Waldo Lake

Coordinates: 43°43′48″N 122°02′32″W / 43.729918°N 122.0423006°W / 43.729918; -122.0423006
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Waldo Lake
Location of Waldo Lake in Oregon, USA.
Location of Waldo Lake in Oregon, USA.
Waldo Lake
Location of Waldo Lake in Oregon, USA.
Location of Waldo Lake in Oregon, USA.
Waldo Lake
LocationCascade Mountains, Lane County, Oregon, US
Coordinates43°43′48″N 122°02′32″W / 43.729918°N 122.0423006°W / 43.729918; -122.0423006
Primary outflowsNorth Fork Middle Fork Willamette River
Basin countriesUnited States
Max. length5.75 mi (9.25 km)
Max. width2.75 mi (4.43 km)
Surface area> 10 sq mi (26 km2)
Average depthmean: 128 ft (39 m)
Max. depth420 ft (130 m)
Water volume0.9537 km3 (0.2288 cu mi)
Residence time32 years
Surface elevation5,420 ft (1,650 m)[1]

Waldo Lake is a natural alpine lake in the Cascade Mountains of the U.S. state of Oregon. It is the second largest natural non-alkali lake in Oregon with just under 10 square miles (26 km2) of water surface and a maximum depth of 420 feet (130 m). The lake is named after Oregon politician, judge, and conservationist John B. Waldo.[2]


The lake is located in Lane County at an elevation of 5,414 feet (1,650 m) above sea level.[1] Access is via Forest Service Road 5897 from Oregon Route 58 approximately 18 miles (29 km) east of Oakridge. The forest road travels 12 miles (19 km) to the lake.


The area was first inhabited by Native Americans, and the lake was later discovered by Molalla Indian Charlie Tufti.[3] According to pioneer resident Frank S. Warner it was then named Pengra Lake after Byron J. Pengra, a pioneer railroad champion.[3] Later the lake was named in honor of Judge John B. Waldo from the Oregon Supreme Court who helped push for preservation in the Cascades which began with the Cascade Forest Reserve established by President Cleveland in 1893. Waldo was the son of Daniel Waldo for whom the Waldo Hills are named.[3]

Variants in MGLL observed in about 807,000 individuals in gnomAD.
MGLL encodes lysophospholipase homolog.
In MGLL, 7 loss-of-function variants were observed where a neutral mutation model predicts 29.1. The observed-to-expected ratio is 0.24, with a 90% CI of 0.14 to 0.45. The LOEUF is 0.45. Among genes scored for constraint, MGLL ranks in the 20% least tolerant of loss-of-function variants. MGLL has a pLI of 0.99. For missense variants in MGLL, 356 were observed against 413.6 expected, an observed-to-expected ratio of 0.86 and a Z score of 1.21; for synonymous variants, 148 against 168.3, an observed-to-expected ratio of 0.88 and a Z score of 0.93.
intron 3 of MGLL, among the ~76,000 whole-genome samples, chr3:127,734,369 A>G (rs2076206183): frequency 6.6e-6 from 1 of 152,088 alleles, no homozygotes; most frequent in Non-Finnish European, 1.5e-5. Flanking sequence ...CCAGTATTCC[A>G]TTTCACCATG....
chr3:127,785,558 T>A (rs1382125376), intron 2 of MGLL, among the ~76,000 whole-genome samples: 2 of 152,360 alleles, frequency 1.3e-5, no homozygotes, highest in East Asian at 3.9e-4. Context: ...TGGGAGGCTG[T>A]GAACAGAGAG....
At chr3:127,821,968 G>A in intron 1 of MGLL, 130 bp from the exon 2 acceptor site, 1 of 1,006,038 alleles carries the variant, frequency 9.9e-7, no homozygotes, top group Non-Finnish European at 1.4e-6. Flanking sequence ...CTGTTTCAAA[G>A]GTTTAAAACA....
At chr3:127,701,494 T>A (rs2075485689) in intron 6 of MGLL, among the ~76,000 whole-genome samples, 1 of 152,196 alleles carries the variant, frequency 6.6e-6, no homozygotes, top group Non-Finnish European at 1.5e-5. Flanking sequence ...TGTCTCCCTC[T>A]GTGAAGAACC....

The area was also used by sheep farmers for grazing prior to the establishment of recreation facilities by the Civilian Conservation Corps during the Great Depression in 1939. Later facilities were built by the Forest Service in 1971.

In 1979 the lake received around 10,000 visitor days per year, and by 1989 that number increased to 32,000 per year.[4] Between those years, in 1984, 37,000 acres (15,000 ha) to the north, west, and south were designated as the Waldo Lake Wilderness by the federal government.[4] In 1996, a forest fire, the Charlton fire, swept by the lake and forced the evacuation of several campgrounds while burning much of the north side of the lake's surrounding forest.[5]

Reservoir plans[edit]

Starting in 1905, plans were begun to use the lake as a reservoir for irrigation in the Willamette Valley.[6] To this end, the Waldo Lake Irrigation and Power Company was created in 1908 by several people including F.H. Ray. In 1909 a permit was issued by the Forest Service to build a tunnel from the lake to a nearby creek. Construction of the tunnel began that year and finished in 1914 under the direction of engineer Simon Klovdahl. The 500-foot (150 m) tunnel was able to lower the lake level by 25 feet (7.6 m).[7] However, the company was never able to prosper and the head gates on the southwest shore were sealed in 1960.